This is a question we hear every single Tuesday by Sr. Regina, who is teaching us the Foundation of Vowed Life class. However, this very question has been coming to us pretty often during the novitiate - voiced and unvoiced.

Many people wonder what we do during novitiate, or even what's the point of the novitiate. Why would someone "ditch" her beloved home, congregational community, and workplace to live with others just for a year and then a year later (being enriched) go back to continue life where she paused it?

We follow the Canon Laws (646-653); however, reading those only, novitiate can seem a bit dry...

So what? Why is it, that the novitiate is something that every sister remembers as "one of the best experiences" of her life?! What makes it so special? Let's see what we have been doing... Is it the day of reflection that is set aside each week to hang out with God and reflect? Or is it the Cardinals game we went to? Or is it having fun watching Megan (novice director) waving her Tigers-towel and spinning it over the speed limit above her head as she is cheering for the Detroit Tigers? Or is it having a field trip to the very first Dominican convent for sisters in the U.S.? Or is it biking in Forest Park when leaves are changing colors? Or is it going to Jubilee Farm? Or is it having the joy of not having to do chores for hours each day like long time ago? Or is it getting up before the rooster crows and leave the house at 6:30 a.m. so that we can pray together and celebrate Mass with the Dominican brothers? Or is it Anne's (novice) delicious squash soup? Or is it trying to learn the impossible chanting tones? Or is it the yummy chocolates in the cabinet? Well, I guess, all of these above, but there is something else, too.

What makes novitiate special is that we come together and try to sort out - with fancy words: discern - God's desire, while we deepen our relationship with God, get to know ourselves (our inner Gumby) better, we pray together, live in community, study religious life, and do ministry. We get the time to reflect on everything we experience here: our prayer life, feelings, classes, scripture readings, preachings we hear or lead, community fun nights, community in general, being there for each other, ministry, and our novice directors, Sisters Megan and Joye, help us reflect and discern.

This week, we spent a day learning about discernment. While learning about how to sort out things, how to be attentive to God and to our feelings, and to what is really going on inside and outside, we also heard about great images. 
      One of the images was Jonah in the whale. So what? We are like as if we were Jonah in the whale's belly: having the time to reflect and awaiting where this journey is taking us. 
      Another memorable image was the metaphor of driving in the dark. Driving in the dark, we have headlights, but the light is only good enough to allow us to see what we need; there are no extra lights to see things that could take our attention away. This kind of driving in the dark is focused on the task, from point A to point B. So what? In the novitiate, we journey God's desire and see where it takes. No extra "noises."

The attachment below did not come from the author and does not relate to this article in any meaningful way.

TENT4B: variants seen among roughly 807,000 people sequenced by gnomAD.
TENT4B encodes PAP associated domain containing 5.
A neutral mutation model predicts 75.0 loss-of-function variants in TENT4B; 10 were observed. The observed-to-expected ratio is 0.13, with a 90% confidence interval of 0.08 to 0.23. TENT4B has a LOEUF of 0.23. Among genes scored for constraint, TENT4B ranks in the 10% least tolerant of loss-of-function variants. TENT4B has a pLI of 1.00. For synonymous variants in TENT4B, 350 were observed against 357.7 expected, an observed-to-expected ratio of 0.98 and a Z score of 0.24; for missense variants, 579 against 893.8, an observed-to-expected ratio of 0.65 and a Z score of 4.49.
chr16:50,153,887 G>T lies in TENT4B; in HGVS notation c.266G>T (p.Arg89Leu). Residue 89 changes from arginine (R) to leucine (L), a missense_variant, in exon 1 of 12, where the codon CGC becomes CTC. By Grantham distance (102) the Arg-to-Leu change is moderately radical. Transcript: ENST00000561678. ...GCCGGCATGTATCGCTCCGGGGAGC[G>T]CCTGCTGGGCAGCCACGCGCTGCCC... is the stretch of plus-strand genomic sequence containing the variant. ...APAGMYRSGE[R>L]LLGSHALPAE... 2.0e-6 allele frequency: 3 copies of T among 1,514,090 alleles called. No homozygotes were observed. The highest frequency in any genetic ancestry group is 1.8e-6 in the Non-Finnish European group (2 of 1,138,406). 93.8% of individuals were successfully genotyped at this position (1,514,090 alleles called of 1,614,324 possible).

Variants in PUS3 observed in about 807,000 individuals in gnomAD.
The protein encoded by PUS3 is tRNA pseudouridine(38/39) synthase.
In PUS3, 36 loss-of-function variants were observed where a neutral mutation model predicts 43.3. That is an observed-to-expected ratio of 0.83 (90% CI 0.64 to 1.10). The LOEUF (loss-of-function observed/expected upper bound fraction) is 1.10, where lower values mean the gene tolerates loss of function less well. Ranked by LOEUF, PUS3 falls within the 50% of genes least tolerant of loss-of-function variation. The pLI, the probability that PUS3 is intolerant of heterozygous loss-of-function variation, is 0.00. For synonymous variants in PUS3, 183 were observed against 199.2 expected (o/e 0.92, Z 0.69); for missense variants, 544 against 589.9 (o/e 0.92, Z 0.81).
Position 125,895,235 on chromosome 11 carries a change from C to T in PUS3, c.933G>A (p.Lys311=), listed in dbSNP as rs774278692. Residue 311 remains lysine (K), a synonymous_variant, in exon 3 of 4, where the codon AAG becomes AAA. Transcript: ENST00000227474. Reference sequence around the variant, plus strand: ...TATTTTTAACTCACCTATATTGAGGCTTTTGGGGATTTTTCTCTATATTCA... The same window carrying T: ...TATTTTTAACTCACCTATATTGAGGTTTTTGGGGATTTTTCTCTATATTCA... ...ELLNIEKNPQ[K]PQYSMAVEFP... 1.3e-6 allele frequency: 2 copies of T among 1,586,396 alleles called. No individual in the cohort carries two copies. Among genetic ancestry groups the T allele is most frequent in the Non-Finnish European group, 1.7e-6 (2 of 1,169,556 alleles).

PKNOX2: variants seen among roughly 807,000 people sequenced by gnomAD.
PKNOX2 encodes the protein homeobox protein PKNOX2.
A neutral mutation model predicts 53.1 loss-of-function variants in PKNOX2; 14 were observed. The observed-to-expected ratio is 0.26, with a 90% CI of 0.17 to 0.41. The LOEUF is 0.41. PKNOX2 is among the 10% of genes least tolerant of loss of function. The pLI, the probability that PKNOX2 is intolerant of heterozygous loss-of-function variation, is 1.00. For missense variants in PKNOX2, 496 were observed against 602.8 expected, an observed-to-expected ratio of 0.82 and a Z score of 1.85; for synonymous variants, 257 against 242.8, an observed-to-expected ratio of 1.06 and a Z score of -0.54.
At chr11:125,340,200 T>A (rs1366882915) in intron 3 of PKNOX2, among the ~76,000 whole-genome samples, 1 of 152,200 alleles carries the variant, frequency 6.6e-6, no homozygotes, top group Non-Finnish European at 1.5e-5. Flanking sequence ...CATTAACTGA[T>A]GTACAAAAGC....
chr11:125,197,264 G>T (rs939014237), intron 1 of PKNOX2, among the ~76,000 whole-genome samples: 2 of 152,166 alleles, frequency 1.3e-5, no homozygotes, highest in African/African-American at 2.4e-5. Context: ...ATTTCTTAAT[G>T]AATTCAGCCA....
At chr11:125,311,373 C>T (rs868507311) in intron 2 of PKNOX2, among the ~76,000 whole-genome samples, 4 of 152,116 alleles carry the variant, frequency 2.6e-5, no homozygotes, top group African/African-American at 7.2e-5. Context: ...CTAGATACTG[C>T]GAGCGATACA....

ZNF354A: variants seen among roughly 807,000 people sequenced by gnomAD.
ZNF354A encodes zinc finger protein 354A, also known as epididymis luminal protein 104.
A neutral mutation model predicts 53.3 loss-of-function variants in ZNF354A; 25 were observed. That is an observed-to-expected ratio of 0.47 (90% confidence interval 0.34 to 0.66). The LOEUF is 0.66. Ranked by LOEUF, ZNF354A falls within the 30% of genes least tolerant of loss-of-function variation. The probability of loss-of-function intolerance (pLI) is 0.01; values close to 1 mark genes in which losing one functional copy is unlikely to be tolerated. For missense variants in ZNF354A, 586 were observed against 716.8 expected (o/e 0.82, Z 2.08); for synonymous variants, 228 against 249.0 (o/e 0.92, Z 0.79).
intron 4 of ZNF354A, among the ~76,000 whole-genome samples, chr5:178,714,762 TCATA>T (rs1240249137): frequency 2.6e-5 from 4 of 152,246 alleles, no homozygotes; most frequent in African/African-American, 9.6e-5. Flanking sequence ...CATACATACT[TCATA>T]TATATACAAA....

During evening prayer this week, we heard another great reflection on Luke 11:5-13.  The Gospel describes how a father would never give a snake when his child asks for a fish, and how a father would never give a scorpion when his child asks for an egg. So what? In Kathy's preaching, the message was, that God would never give the opposite we ask for, but we won't get everything we ask in prayer either. If we ask for a fish, God would most likely provide a fishing pole. If we ask an egg, God would probably give us a hen to nurture and care for that later gives us eggs. So what? When we ask God: "what is your desire? or how am I to bring your love to others?" God doesn't whisper in our ears, but God does give us the tool, the novitiate: the opportunity to live together in community, study, have a deeper relationship with God through prayer, and enfold the journey with the help of our directors and the novices.

Discernment is a life-long journey. So what? The point is, that during novitiate, we are here for each other to help be attentive to and sort out God's desire with our life.

How do we know it? One sure sign is: we feel at peace, joyful and energized (wheee!) when we can be our very best self using the gifts God gave us. A spouse is the very best self within a marriage. A religious sister, brother or priest is the very best self in a community and ministry. If you are not married, or not ordained or a vowed religious, but have played with the thought, look for the help God offers you in your best buddy, or a spiritual director, or vocation director, how you can be your very best self.

Friday, October 4, 2013



noun: metaphor; plural noun: metaphors
a figure of speech in which a word or phrase is applied to an object or action to which it is not literally applicable.

This week we have been encircled by metaphors, ways to describe the congregations from which we come, as part of our Vowed Life class. We described our communities as:






Do any of these resonate with you? What metaphor would you use to describe your call and vocation?